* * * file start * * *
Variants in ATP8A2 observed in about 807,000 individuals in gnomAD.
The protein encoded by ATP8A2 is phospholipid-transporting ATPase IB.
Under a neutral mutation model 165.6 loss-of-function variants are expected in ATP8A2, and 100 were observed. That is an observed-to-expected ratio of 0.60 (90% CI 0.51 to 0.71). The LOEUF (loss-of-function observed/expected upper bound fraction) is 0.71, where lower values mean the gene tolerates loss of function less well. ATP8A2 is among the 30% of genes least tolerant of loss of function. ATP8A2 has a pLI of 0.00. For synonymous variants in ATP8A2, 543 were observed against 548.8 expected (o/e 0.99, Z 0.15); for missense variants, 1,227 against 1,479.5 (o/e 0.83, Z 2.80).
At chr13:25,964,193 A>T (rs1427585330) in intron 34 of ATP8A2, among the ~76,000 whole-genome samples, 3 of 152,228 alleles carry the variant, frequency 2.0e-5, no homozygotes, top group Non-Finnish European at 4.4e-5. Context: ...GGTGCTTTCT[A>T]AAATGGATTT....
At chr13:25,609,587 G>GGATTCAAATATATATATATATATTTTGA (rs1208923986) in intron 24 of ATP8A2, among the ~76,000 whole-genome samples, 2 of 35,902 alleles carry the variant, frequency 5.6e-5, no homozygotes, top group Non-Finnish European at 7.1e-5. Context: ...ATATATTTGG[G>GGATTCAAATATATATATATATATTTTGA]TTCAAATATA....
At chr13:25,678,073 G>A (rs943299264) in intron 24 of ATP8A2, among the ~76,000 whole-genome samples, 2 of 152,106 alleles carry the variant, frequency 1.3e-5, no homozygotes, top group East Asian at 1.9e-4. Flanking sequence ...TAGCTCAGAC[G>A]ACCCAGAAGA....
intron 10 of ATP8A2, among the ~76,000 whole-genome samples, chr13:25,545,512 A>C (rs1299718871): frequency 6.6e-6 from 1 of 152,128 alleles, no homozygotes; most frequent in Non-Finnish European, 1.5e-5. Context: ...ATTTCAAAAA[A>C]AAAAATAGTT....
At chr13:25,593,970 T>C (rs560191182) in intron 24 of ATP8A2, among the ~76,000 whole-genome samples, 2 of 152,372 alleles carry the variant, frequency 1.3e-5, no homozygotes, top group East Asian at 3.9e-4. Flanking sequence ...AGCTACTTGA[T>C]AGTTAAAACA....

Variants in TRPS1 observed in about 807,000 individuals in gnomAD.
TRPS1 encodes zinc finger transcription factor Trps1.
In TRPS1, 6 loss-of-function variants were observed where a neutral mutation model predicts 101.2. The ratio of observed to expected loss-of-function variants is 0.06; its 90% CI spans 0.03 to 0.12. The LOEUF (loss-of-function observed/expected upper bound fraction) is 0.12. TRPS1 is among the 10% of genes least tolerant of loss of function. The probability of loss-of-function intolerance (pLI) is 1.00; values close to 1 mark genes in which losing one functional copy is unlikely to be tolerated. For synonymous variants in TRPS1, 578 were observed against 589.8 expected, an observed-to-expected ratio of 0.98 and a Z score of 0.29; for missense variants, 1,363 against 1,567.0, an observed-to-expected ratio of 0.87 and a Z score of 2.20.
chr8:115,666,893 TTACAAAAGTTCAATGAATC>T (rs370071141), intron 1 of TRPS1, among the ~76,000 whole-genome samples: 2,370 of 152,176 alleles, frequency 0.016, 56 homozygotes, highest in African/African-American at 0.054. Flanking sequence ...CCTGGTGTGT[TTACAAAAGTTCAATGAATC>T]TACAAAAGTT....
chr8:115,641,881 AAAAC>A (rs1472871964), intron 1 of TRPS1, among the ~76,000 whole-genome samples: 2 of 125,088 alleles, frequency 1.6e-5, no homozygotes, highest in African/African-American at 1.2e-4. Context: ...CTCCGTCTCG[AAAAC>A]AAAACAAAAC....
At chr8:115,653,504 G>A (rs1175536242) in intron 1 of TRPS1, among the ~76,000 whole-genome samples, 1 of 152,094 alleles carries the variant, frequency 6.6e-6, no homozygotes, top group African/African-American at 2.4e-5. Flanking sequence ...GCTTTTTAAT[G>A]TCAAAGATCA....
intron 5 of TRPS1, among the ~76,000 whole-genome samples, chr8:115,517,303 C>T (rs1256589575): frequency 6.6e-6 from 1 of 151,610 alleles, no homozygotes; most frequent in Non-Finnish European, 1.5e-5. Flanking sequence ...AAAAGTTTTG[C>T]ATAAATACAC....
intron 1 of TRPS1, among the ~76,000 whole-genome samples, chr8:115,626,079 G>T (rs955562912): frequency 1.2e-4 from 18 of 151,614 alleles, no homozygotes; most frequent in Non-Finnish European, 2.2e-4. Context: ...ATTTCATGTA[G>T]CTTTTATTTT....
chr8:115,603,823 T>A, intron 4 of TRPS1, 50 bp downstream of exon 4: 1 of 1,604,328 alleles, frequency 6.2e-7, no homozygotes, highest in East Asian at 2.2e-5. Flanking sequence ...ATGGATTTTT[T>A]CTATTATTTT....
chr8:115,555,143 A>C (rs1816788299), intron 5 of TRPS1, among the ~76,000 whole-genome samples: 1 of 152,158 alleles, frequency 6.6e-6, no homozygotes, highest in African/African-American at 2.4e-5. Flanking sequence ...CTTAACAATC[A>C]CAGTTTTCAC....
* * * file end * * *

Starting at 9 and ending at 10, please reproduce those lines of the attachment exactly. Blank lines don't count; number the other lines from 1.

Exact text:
Variants in TRPS1 observed in about 807,000 individuals in gnomAD.
TRPS1 encodes zinc finger transcription factor Trps1.